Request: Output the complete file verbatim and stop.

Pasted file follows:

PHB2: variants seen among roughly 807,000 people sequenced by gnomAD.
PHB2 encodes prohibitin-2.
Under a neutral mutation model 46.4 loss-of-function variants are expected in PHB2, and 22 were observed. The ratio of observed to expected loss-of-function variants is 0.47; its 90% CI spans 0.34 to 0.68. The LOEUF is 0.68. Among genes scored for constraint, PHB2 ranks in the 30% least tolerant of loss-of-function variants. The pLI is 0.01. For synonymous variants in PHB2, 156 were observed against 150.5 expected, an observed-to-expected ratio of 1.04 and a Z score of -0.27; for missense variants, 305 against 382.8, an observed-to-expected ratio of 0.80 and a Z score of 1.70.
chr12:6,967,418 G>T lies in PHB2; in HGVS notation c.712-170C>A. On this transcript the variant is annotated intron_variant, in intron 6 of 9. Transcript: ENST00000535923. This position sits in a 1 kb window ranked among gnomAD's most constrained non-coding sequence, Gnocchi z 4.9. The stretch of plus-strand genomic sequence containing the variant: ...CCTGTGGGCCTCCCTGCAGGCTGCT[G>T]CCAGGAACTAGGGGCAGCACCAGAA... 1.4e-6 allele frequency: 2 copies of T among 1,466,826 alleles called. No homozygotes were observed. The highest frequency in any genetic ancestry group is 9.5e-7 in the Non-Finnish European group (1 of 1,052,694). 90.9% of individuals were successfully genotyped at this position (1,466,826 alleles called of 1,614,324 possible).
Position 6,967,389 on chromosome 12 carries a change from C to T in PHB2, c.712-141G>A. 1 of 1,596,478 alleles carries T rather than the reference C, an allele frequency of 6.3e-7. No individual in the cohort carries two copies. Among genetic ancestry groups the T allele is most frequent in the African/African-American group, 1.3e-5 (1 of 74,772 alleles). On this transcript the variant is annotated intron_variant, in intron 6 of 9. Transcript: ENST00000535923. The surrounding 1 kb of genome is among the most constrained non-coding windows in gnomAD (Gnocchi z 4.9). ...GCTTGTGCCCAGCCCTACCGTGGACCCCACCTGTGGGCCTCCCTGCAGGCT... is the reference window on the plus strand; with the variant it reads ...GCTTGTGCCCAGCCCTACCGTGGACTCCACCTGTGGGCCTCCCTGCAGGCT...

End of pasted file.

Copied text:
PHB2: variants seen among roughly 807,000 people sequenced by gnomAD.
PHB2 encodes prohibitin-2.
Under a neutral mutation model 46.4 loss-of-function variants are expected in PHB2, and 22 were observed. The ratio of observed to expected loss-of-function variants is 0.47; its 90% CI spans 0.34 to 0.68. The LOEUF is 0.68. Among genes scored for constraint, PHB2 ranks in the 30% least tolerant of loss-of-function variants. The pLI is 0.01. For synonymous variants in PHB2, 156 were observed against 150.5 expected, an observed-to-expected ratio of 1.04 and a Z score of -0.27; for missense variants, 305 against 382.8, an observed-to-expected ratio of 0.80 and a Z score of 1.70.
chr12:6,967,418 G>T lies in PHB2; in HGVS notation c.712-170C>A. On this transcript the variant is annotated intron_variant, in intron 6 of 9. Transcript: ENST00000535923. This position sits in a 1 kb window ranked among gnomAD's most constrained non-coding sequence, Gnocchi z 4.9. The stretch of plus-strand genomic sequence containing the variant: ...CCTGTGGGCCTCCCTGCAGGCTGCT[G>T]CCAGGAACTAGGGGCAGCACCAGAA... 1.4e-6 allele frequency: 2 copies of T among 1,466,826 alleles called. No homozygotes were observed. The highest frequency in any genetic ancestry group is 9.5e-7 in the Non-Finnish European group (1 of 1,052,694). 90.9% of individuals were successfully genotyped at this position (1,466,826 alleles called of 1,614,324 possible).
Position 6,967,389 on chromosome 12 carries a change from C to T in PHB2, c.712-141G>A. 1 of 1,596,478 alleles carries T rather than the reference C, an allele frequency of 6.3e-7. No individual in the cohort carries two copies. Among genetic ancestry groups the T allele is most frequent in the African/African-American group, 1.3e-5 (1 of 74,772 alleles). On this transcript the variant is annotated intron_variant, in intron 6 of 9. Transcript: ENST00000535923. The surrounding 1 kb of genome is among the most constrained non-coding windows in gnomAD (Gnocchi z 4.9). ...GCTTGTGCCCAGCCCTACCGTGGACCCCACCTGTGGGCCTCCCTGCAGGCT... is the reference window on the plus strand; with the variant it reads ...GCTTGTGCCCAGCCCTACCGTGGACTCCACCTGTGGGCCTCCCTGCAGGCT...